It seemed to make sense: restrict flavored vaping products in order to lower the number of
young people smoking. Thing is, it doesn’t work. Thing is also, it does just the opposite of
what it is intended to do.
The results of a recently released study show a "high rate of substitution" between vapes and cigarettes, meaning the restrictive – some say unconstitutional -- policies designed to prevent underage use are actually doing exactly the opposite of what they were intended to do.
Laws restricting flavored nicotine vaping products have been shown to be associated with higher, not lower, cigarette purchases. So says the new paper, which looked at retail sales across 44 states.
Those results lead to the same conclusion that others have reached over the last several years: for every less than .7-milliliter nicotine pod sold in jurisdictions with these restrictive policies, people purchased 15 more cigarettes. Say the study’s authors, "That tradeoff equates to over a pack more cigarettes per pod for the size of current leading products" like Vuse Alto, which uses 1.8-milliliter pods.
“The substitution effect identified by this study underlines the folly of trying to protect public health by deterring the use of electronic nicotine delivery systems (ENDS), which are far less hazardous than combustible cigarettes,” commented reason.com.
"We find that ENDS flavor policies reduce flavored ENDS sales as intended, but also increase cigarette sales across age groups," said Yale public health researcher Abigail Friedman and her colleagues. "As cigarettes are much more lethal than ENDS, the high rate of substitution estimated here suggests that, on net, any population health benefits of ENDS flavor policies are likely small or even negative."
The study looked at 15 state and 279 local flavor restrictions that were put in place between January 7, 2018 and March 26, 2023. Included were full-on bans on ENDS flavors besides tobacco and laws that curbed sales of these items to specialty stores like vape shops and tobacconists. The information was drawn from IRI (Information Resources Incorporated), which analyzed checkout figures from retailers including convenience stores, supermarkets, drug stores, discount stores, and gas stations.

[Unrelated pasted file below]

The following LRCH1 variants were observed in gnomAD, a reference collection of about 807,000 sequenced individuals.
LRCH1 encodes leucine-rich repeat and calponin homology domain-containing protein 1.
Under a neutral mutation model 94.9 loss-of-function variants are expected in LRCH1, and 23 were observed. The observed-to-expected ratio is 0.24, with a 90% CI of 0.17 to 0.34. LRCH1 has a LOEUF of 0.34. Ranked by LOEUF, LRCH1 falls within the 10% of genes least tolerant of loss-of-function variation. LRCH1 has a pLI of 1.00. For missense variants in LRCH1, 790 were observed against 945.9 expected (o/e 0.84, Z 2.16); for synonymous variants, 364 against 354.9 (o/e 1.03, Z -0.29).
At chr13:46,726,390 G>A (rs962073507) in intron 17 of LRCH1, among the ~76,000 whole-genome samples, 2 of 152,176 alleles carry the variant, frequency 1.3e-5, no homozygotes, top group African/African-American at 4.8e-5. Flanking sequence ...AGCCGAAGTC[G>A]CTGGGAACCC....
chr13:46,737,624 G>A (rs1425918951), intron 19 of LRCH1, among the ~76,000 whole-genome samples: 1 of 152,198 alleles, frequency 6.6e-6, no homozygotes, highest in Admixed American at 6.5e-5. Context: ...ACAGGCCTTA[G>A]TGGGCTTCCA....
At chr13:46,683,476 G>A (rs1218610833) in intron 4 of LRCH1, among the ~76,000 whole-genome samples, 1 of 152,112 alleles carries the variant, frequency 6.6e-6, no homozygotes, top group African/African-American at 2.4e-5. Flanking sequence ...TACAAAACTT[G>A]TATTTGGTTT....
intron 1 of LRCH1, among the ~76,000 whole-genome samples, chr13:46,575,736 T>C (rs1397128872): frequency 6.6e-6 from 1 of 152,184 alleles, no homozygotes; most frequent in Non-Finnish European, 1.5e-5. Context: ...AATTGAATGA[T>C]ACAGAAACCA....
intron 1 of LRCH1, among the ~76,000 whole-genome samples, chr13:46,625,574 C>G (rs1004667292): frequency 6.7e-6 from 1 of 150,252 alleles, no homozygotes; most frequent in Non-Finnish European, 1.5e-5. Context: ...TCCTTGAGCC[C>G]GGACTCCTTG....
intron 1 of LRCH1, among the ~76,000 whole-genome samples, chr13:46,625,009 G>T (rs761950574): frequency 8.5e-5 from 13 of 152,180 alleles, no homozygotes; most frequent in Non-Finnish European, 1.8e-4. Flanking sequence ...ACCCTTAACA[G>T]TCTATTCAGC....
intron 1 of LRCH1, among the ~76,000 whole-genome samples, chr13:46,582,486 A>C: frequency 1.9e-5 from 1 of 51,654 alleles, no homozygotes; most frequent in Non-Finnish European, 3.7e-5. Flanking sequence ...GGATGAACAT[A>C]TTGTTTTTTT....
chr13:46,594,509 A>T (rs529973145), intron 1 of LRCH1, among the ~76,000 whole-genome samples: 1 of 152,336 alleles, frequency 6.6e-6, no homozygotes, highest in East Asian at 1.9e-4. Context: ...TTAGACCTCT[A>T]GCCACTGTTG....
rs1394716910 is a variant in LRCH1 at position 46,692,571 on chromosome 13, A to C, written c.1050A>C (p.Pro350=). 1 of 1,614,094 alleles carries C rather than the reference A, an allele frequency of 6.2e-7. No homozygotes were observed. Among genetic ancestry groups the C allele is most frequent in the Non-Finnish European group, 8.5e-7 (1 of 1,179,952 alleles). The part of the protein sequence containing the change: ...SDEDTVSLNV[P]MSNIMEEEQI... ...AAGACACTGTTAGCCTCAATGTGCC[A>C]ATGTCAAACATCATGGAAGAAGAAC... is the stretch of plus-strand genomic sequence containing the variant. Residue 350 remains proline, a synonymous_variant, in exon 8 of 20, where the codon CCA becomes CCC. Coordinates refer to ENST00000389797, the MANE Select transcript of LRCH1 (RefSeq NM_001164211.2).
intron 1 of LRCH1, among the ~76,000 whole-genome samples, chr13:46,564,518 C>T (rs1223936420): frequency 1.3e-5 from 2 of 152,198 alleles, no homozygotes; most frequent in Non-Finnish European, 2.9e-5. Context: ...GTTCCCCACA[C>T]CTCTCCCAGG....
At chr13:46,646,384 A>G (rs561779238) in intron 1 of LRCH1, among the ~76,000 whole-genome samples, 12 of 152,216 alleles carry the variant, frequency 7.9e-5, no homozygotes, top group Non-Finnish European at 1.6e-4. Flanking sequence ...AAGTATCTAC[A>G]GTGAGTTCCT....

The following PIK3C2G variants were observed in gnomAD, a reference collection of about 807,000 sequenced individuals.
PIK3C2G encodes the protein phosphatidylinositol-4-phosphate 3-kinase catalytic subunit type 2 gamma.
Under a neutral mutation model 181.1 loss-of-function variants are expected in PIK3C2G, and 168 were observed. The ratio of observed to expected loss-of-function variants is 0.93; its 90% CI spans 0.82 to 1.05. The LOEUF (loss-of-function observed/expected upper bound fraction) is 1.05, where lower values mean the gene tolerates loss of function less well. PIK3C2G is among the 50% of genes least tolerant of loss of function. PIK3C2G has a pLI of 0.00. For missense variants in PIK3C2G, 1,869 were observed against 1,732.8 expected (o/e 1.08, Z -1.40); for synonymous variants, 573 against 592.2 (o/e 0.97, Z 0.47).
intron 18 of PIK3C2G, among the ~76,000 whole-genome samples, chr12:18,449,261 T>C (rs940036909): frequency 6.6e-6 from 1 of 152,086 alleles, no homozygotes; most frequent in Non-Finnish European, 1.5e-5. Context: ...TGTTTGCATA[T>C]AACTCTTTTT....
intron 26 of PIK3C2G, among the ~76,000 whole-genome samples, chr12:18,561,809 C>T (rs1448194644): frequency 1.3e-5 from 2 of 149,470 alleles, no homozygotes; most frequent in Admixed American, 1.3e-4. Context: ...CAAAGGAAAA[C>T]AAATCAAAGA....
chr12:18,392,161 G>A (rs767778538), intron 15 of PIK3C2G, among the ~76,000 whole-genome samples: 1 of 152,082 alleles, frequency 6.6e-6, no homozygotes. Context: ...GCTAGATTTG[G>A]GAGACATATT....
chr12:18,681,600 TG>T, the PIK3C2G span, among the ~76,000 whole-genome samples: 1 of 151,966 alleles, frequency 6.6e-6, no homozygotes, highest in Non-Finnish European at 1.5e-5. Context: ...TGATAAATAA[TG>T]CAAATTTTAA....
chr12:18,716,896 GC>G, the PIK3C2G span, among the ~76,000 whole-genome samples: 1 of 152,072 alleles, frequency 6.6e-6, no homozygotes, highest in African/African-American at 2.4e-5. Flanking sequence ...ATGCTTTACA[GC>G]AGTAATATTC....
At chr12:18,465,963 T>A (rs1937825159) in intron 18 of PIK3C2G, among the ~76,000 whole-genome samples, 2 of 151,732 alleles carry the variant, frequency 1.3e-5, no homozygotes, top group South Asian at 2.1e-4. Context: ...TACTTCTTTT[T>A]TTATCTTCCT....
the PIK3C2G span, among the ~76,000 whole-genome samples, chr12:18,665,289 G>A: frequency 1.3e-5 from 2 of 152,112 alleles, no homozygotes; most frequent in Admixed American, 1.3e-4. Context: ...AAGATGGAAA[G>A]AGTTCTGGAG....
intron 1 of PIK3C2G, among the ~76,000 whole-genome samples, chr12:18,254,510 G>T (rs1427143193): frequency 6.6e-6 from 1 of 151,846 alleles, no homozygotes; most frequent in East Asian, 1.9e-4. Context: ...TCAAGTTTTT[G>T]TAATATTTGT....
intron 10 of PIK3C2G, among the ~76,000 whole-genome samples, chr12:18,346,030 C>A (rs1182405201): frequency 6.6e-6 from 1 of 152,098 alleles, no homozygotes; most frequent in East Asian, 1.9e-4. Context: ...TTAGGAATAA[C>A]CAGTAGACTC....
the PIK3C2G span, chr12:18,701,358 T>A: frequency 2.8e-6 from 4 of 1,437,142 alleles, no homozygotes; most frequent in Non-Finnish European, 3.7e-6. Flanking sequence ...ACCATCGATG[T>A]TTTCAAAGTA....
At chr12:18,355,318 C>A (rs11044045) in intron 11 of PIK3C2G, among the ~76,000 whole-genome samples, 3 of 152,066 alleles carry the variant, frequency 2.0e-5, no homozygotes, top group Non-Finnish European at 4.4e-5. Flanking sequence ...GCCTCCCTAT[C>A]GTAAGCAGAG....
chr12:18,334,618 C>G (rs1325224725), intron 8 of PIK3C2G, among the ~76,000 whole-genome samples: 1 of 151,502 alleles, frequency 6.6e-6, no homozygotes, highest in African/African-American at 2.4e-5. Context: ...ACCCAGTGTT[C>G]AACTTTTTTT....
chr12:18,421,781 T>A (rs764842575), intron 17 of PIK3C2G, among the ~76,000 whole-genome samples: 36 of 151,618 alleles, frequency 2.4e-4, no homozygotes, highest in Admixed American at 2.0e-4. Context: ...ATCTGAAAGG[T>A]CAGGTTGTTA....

"ENDS sales fall and cigarette sales rise as a greater percentage of state residents are subject to policies restricting flavored ENDS sales," the report’s authors noted. "Effects are in the same direction for policies prohibiting all ENDS sales (i.e., flavored and unflavored), consistent with substitution." Aside from Friedman, the authors were Alex C. Liber, Georgetown University - Cancer Prevention and Control Program; Alyssa Crippen, Yale School of Public Health; and Michael Pesko, University of Missouri - Department of Economics.
The effects, they added, turned out to be "larger in the long run; that is, for policies in effect a year or longer. Separating ENDS flavor prohibitions from less restrictive policies limiting flavored ENDS sales to particular types of retailers reveals that both policies yield reductions in ENDS sales and increases in cigarette sales once in effect for at least a year."
Five Key Findings
The report itself identifies five key findings. The first is that ENDS sales fall and cigarette sales rise as a greater percentage of state residents are subject to policies restricting flavored ENDS sales. “Effects are in the same direction for policies prohibiting all ENDS sales (i.e., flavored and unflavored), consistent with substitution.”
Second, ENDS flavor policies’ relationships to ENDS and cigarette sales are larger over the long-run; that is, for policies in effect a year or longer. “Indeed, when allowing differential effects over time, the relationship between ENDS flavor policies and cigarette sales is positive and significant in the long-run but not the short-run.”
Third, 71% of the increase in cigarette sales associated with ENDS flavor restrictions comes from tobacco-flavored cigarettes. “Alongside the inclusion of controls for restrictions on menthol cigarette sales, this finding indicates that the observed substitution response to ENDS flavor policies cannot be attributed to menthol cigarettes’ availability, nor fully counteracted by menthol cigarette sales prohibitions.”
Fourth, ENDS flavor restrictions’ relationship to cigarette sales holds across cigarette product age profiles, including for brands disproportionately used by underage youth.
Lastly, separating ENDS flavor prohibitions from less restrictive policies limiting flavored ENDS sales to particular types of retailers reveals that both policies yield reductions in ENDS sales and increases in cigarette sales once in effect for at least a year. “These findings are consistent with flavored ENDS policies encouraging substitution from ENDS towards combustible cigarettes, aligning with results from 16 of 18 other studies assessing cigarette use following adoptions of minimum legal sales age laws for ENDS, ENDS tax rate increases, and advertising restrictions.
In other words, the report concluded, “policies making ENDS more expensive, less accessible, or less appealing appear to incentivize substitution towards cigarettes.”
The only question that remains is this: are politicians and activists who claim they want to help young people really listening?